If the gov­ern­ment is pay­ing the bill, it’s best to die young

Dr. Ezekiel Emanuel sug­gests life is not worth liv­ing after 75

The Washington Times Weekly - - Commentary - By Tammy Bruce

Much is be­ing made of Dr. Ezekiel Emanuel’s es­say in The At­lantic, “Why I Hope to Die at 75,” where he ar­gues that dy­ing at 75 would be best for ev­ery­one. He’s en­ti­tled to his opin­ion, of course, but what makes this es­pe­cially con­cern­ing is his role as an ar­chi­tect of the so-called “Af­ford­able Care Act” (Oba­macare), his po­si­tion as di­rec­tor of the Clin­i­cal Bioethics Depart­ment at the U.S. Na­tional In­sti­tutes of Health and his close re­la­tion­ship with Pres­i­dent Obama as an ad­viser on health is­sues.

When you’re even one of those things, let alone all three, noth­ing you say or write in pub­lic on the is­sue you’re charged with is per­sonal.

The en­su­ing de­bate has un­der­stand­ably cen­tered on the craven no­tion that in­di­vid­u­als over the age of 75 are some­how not as vi­able or wor­thy as those who are younger. In fact, Dr. Emanuel makes that point in his es­say: “We are no longer re­mem­bered as vi­brant and en­gaged, but as fee­ble, in­ef­fec­tual, even pa­thetic.”

There are in­nu­mer­able ex­am­ples, of course, of older in­di­vid­u­als, well-known and the undis­cov­ered, who live full and im­pact­ful lives well into their 90s and even 100s. Pres­i­dent Rea­gan’s Bran­den­burg speech (“Tear down this wall.”) was de­liv­ered when he was 76. A men­tor of mine, the au­thor Ray Brad­bury, wrote ev­ery day through his 80s, un­til his death at 91.

Ki­mani Maruge of Kenya is the old­est per­son to at­tend pri­mary school, en­rolling in the 1st grade at 84. A 96-yearold, Mohr Keet, is the world’s old­est bungee jumper. And at 77 years old, Mi­noru Saito, is the old­est to cir­cum­nav­i­gate the globe. Just this month, 91-year-old Henry Kissinger, Nobel Peace Prize win­ner and for­mer sec­re­tary of state, just re­leased his 17th ma­jor work, “World Or­der.”

Fo­cus­ing on this as­pect of vi­tal­ity at ev­ery age, while com­pelling, is a mis­take. While pre­sented by Dr. Emanuel as his per­sonal in­ten­tion to die at 75, make no mis­take, this is a mes­sage for all Americans. His goal is to plant the seed that lim­it­ing our life­times should be a se­ri­ous con­sid­er­a­tion in it­self, and weaved into our own life de­ci­sions.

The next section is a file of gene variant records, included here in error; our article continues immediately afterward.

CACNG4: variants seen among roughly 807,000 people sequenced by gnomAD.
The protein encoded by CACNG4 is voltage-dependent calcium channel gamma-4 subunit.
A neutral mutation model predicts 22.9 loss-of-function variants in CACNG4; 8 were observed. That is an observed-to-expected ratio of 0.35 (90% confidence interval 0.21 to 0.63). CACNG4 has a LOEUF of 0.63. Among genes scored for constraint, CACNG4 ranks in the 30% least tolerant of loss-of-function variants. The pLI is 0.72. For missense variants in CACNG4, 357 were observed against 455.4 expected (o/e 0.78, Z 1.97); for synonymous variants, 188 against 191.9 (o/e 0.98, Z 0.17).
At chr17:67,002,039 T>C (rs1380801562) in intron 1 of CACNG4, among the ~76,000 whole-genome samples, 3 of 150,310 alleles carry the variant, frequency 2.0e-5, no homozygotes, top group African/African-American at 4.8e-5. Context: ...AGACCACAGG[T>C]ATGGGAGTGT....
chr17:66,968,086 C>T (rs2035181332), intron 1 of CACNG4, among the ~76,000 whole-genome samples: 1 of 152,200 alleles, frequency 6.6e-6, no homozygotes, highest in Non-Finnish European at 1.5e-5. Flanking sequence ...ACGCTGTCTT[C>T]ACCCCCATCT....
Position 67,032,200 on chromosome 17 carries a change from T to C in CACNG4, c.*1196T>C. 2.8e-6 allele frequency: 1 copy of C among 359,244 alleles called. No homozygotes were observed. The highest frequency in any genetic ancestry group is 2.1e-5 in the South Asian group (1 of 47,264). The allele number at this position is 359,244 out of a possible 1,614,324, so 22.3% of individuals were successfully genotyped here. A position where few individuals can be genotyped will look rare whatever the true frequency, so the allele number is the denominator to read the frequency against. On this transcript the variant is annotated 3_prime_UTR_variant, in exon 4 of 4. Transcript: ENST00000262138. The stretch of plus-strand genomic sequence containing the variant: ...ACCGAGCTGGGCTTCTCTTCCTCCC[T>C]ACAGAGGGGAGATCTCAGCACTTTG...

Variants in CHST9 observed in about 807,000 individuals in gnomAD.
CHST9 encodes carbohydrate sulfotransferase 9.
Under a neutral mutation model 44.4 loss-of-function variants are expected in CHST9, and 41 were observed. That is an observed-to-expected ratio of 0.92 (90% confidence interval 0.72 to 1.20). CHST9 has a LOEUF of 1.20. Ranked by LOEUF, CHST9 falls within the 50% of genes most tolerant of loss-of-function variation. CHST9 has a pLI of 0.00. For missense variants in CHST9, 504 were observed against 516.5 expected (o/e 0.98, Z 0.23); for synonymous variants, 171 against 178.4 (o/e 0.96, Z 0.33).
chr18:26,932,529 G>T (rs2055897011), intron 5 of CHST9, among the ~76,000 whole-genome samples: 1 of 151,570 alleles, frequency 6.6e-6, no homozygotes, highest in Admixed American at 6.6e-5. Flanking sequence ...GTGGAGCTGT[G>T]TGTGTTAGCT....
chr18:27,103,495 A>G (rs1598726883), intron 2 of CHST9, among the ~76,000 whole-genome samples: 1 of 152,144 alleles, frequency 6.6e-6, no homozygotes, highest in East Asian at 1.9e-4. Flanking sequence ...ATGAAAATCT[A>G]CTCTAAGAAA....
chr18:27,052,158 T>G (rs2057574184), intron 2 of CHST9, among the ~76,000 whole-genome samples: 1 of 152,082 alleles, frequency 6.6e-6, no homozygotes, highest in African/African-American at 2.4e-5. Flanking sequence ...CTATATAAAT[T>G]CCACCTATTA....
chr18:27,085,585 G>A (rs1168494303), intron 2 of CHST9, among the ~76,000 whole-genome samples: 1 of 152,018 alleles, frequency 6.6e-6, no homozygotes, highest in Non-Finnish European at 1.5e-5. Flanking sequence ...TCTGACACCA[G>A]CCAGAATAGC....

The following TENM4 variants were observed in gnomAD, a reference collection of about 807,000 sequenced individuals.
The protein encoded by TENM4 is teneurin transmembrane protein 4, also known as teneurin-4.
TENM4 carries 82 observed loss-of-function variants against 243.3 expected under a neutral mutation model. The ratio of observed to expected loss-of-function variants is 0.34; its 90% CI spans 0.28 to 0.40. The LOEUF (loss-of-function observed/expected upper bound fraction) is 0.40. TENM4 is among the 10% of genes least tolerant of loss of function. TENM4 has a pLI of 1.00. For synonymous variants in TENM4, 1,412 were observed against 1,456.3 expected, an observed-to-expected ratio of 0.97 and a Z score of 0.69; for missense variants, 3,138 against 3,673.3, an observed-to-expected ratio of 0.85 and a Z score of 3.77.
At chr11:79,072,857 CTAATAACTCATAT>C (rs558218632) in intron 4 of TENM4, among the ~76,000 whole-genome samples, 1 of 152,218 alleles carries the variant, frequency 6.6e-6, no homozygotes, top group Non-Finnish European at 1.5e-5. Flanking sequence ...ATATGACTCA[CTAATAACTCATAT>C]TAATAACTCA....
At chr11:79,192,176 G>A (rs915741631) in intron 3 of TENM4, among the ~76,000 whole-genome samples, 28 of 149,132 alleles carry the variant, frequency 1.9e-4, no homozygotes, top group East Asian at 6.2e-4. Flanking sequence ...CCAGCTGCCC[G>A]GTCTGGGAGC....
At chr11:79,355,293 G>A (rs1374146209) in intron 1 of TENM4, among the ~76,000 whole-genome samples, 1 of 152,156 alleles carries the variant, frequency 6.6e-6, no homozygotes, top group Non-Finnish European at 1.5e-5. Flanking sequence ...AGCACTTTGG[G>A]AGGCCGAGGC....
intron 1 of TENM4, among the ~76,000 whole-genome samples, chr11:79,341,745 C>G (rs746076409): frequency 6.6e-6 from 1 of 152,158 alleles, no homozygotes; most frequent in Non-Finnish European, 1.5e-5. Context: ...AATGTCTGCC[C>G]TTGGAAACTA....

Why? Be­cause be­ing older is an ex­pen­sive propo­si­tion, es­pe­cially if the gov­ern­ment is pay­ing the bill, ei­ther through the now raided and empty So­cial Se­cu­rity fund or through Oba­macare, the pre­cur­sor to their sin­gle-payer health care dream.

In the con­text of Oba­macare, this is the be­gin­ning of a con­di­tion­ing of older Americans and their fam­i­lies to ac­cept the no­tion that if you have a chronic dis­ease or an in­jury or weak­ness that’s ex­pen­sive to treat, and you’re 75 or older, per­haps the less-ex­pen­sive hospice is the bet­ter op­tion.

Sup­port­ers of Oba­macare strike back at the idea that Dr. Emanuel would ap­prove of “death pan­els” or even ra­tioning gen­eral health care. His sup­port­ers point to the fact that he has writ­ten a great deal about be­ing against eu­thana­sia, which is the di­rect in­volve­ment of doc­tors or a med­i­cal sys­tem in caus­ing a pa­tient’s death.

Per­haps Dr. Emanuel ex­pects that po­si­tion to cloud the truth of what he sug­gests now, which is still the fa­cil­i­tat­ing of a pa­tient’s death with­out a physi­cian or med­i­cal pro­fes­sional act­ing in a proac­tive way. In­stead, lim­it­ing or denying cer­tain health care to pa­tients, promis­ing “com­fort” as one dies, pro­tects the sys­tem from the re­pug­nance of ac­tive “eu­thana­sia.”

His dance around the dif­fer­ence? “Once I have lived to 75, my ap­proach to my health care will com­pletely change. I won’t ac­tively end my life. But I won’t try to pro­long it, ei­ther,” he de­clares in the es­say.

Wel­come to Oba­macare and sin­gle-payer. Just change the per­sonal pro­nouns and you’ve got the tem­plate for “endof-life” coun­sel­ing, with the pa­tient pro­vid­ing their own per­sonal death panel.

Many older Americans, of course, re­ject the no­tion that dy­ing is their duty. Dr. Emanuel’s mes­sage, there­fore, is also for fam­ily care­tak­ers, those who also need to be con­vinced that it’s best for Mom to not get that pace­maker be­cause, after all, she’s 75 al­ready, and isn’t that long enough?

In his ar­ti­cle, and as a mes­sage to ev­ery­one in a fam­ily with some­one 75 or older, Dr. Emanuel in­sists health care for the older is a waste of pre­cious health care re­sources. Part of his com­mit­ment to some larger no­tion (read sin­gle-payer, gov­ern­ment-de­liv­ered health care) is a per­sonal re­fusal of med­i­cal care. For him, he says, no can­cer treat­ment after 75, no flu shots, no colono­scopies (start­ing at 65), no prostate-can­cer screen­ing, no pace­maker and no an­tibi­otics, be­cause, he as­sures us, “death from … in­fec­tions is quick and rel­a­tively pain­less.”

Ap­par­ently, we are sup­posed to be­lieve that Dr. Emanuel de­cided his per­sonal point of view on life and death has noth­ing to do with ev­ery­one else, and is sim­ply be some­thing the Amer­i­can peo­ple needed to know. That’s how much con­tempt the left has for your grasp of re­al­ity.

Con­sid­er­ing his po­si­tion and in­flu­ence at the fed­eral level, it strains credulity to sug­gest that this at­ti­tude is not at­tached to the con­tin­u­a­tion of his work for the Obama ad­min­is­tra­tion, and its de­sired out­come.

This ‘Die on Sched­ule’ men­tal­ity, of course, is an ob­scen­ity meant only for the Lit­tle Peo­ple. Those plan­ning to sweep you off to that quiet good night will no doubt ex­empt them­selves. Again. Tammy Bruce is a ra­dio talk-show host, au­thor and Fox News contributor.



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